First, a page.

Researchers have found that cash incentives from governments are able to alter community behavior, and Mexico has already seen an improvement in pediatric care due to such a program. Other examples of such programs across the world include an increase in HIV testing in Malawi after an incentive was offered, as well as a reduction in the number of sexually transmitted diseases in Tanzania after a similar program was instituted.

Because of this, researchers have looked into the possibility of reducing the high-risk activities of male sex workers in Mexico, as well as the practices of homosexual men in the country, and while the research revealed that few would be willing to make lifestyle changes, the majority have a set price for which they would be willing to improve the safety of their practices.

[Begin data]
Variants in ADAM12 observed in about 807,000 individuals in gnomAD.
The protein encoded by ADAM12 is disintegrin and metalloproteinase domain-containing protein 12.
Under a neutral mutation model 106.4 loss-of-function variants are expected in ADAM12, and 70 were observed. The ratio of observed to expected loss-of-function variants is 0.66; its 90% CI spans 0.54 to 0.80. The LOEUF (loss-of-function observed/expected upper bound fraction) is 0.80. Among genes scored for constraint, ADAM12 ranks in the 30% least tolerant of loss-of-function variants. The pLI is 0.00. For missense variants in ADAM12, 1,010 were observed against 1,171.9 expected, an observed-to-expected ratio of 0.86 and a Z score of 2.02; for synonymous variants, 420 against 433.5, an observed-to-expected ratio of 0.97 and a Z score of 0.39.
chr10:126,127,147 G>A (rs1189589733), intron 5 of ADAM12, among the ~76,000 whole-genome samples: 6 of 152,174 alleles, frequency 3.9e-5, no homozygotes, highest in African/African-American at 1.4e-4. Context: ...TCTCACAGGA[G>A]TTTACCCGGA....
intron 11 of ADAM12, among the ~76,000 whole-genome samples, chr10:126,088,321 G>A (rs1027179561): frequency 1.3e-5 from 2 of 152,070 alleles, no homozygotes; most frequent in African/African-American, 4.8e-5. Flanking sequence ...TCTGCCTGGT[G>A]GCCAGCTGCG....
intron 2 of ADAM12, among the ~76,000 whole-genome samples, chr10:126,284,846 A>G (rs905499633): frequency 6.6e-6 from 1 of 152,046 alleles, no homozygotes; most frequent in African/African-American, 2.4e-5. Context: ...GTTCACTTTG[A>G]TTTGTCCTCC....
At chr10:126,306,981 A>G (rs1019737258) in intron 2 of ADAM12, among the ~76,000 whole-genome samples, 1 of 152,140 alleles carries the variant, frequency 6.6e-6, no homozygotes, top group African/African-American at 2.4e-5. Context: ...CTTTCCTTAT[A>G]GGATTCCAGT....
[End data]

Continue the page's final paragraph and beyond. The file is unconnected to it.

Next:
The idea is that slowing the spread of HIV saves the nation both lives and money, thus the cost of such incentives is more than offset by the benefits of such a program. It is better for the government to spend money on stopping the spread of disease in the first place than on treating those who are contracting it but can’t afford treatment.

About a quarter of the men in these high-risk categories (sex workers and homosexuals) have HIV, and treatment costs the government $1,000s per year for each individual – so how much would prevention incentives cost?

Of the nearly 2,000 gay men interviewed, over 75% said they would attend talks about prevention on a monthly basis, get tested frequently for sexually transmitted diseases, and vow to stay free of sexually transmitted diseases for a kickback of just $288 per year, and men who worked in the sex industry agreed to the same thing for only $156 per year – this represents an immense savings over treatment costs, not to mention the many lives the program could potentially save.